Though Heaven Falls Hard are exploring familiar territories, it’s nice that someone still produces music of this kind.  The overall CD has a very fluid consistency, however, the songs at times drone into one another, and it seems like a very long sixty some minutes when the CD at last draws to it’s close.  This is most likely do to a rather weak mid section on the CD.  The first eight tracks are all taken from a previous EP release entitled “Descent” where the last five songs originate from another EP called “Alastor.”  Around tracks 8 through 10, I began to get a bit restless. The first six or so songs held my earnest attention, especially the more beat driven “Guilt And Wilderness,” the distorted bass lines of the mischievous “Open” and the reverberated gloom of “I Died For You.”  But after that, there is a brief period of excessively ambient tracks, including the nine-minute plus “Without You” which is a fine song, but I have to admit it drags a bit and disrupts the flow of the disc.

I was stirred back to attentiveness with the stronger track “Infatuation” with its slinky rhythms, static filtered synths, awesome Cocteaus-esque bass line, and a more assertive and edgy vocal performance from Stacye.  The final track, “If Only” is a piano driven ballad, very romantic and dreary, deeply effective and truly gorgeous.  These two songs, along with the earlier track “Guilt And Wilderness,” in my opinion, represent the distinct and different stylistic strengths of the band, and I hope in the future, they pick up where these songs left off.

Heaven Falls Hard is an unmistakably talented band, with a confident vocalist, a keyboardist with a keen sense of atmosphere and a bassist that would make Peter Hook and Simon Raymonde proud.  I would like to hear HFH with a slightly fuller production, a greater variety of pace in their songs, and perhaps a smidgen more energy (without betraying their mastery of creating poignant atmospheres). Definitely worth checking out, and a band to keep an eye on.

Track List:
1.) Fade Away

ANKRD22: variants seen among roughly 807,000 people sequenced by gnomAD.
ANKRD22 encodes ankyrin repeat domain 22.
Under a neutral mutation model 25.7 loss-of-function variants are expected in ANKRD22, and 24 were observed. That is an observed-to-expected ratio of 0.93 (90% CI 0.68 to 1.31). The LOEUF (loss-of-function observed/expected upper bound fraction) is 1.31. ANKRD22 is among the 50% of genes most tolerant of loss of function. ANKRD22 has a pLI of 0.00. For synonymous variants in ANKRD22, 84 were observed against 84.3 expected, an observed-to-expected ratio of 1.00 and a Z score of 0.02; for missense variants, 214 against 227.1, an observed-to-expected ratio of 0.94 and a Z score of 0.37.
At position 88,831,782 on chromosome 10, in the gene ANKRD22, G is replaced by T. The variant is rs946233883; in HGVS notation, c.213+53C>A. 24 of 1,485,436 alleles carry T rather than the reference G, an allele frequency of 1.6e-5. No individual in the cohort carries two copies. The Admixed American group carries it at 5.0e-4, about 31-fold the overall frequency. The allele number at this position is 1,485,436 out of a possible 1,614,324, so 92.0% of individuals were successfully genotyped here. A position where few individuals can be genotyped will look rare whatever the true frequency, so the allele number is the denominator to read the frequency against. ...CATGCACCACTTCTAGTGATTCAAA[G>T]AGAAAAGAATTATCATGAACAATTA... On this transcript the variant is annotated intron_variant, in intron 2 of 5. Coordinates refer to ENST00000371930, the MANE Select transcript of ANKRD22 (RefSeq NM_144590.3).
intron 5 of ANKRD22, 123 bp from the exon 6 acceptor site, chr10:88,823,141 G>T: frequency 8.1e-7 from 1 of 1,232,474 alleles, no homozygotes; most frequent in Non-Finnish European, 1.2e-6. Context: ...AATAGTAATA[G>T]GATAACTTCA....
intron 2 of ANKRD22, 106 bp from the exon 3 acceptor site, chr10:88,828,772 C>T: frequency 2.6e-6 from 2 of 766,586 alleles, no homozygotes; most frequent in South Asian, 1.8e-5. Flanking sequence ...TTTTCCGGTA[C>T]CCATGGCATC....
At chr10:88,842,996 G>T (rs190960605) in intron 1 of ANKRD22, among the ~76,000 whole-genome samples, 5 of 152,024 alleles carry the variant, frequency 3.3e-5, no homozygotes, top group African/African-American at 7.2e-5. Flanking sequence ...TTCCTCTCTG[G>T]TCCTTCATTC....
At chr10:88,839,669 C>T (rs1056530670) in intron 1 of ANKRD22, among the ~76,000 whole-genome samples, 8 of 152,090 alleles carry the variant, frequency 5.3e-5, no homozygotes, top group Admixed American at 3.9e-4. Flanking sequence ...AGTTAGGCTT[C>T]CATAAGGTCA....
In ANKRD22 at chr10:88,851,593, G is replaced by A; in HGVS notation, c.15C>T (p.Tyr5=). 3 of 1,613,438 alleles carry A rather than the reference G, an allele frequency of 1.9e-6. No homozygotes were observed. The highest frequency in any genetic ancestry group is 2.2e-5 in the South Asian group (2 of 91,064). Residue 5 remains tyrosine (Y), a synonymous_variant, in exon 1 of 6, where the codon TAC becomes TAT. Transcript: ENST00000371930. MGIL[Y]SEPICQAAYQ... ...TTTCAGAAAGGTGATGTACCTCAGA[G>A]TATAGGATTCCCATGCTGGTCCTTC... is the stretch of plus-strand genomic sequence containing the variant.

2.) Three To Midnight
3.) Guilt And Wilderness
4.) Believe (live)
5.) Open
6.) Colder
7.) I Died For You
8.) Uneasy
9.) Without You
10.) Death And The Maiden
11.) Gorgeous
12.) Infatuation
13.) If Only

Heaven Falls Hard is:
Stacye Bedford: vocals
Randy Ashberry:
Joey Moser: bass

Heaven Falls Hard – Mp3 Site:

Hail The Frozen North
~reviewed by Psionic

~Hollydrift is one of those projects that you traditionally hear at 4am on a college radio station whilst coming down off of an acid trip, munching on granola and downing green Kool-aid 'cause it's seemed like a good idea at the time... Wait, maybe that's just me. I guess what I'm trying to get at is, Hollydrift as a project is one of those cool surrealist kind of deals. Structured soundscapes. I like it. Sadly, this is only a three song cd, so it really only serves to whet the appetite. Written by one Mathias Anderson, Hollydrift preaches (sorta) intellectual immersion beyond the mundane, unfettered by such base drives such as violence, or 'Phat beats'. Hollydrift is proudly wack-beats-free. Hollydrift would be absolutely at home amongst the Solielmoon catalogue, sharing as it does similarities with soundscape notables Robin Storey (Rapoon, Hank & Slim), Coil, People Like Us, even some of Negativland's work. Similarities with those aforementioned bands abound, but every bit as good as them as well. High praise? No more than is deserved, this is good stuff. It's the soundtrack to a film-noir based on a Burroughs piece, all mood and the glamour of alienation. Watch this one closely, folks.

1- Smile For Me
2- Lost In Flight
3- Buried By The Briar

Hollydrift is:
Mathias Anderson

Hollydrift website:

Set Adrift On Seas Of The Lilted Axis
~reviewed by Psionic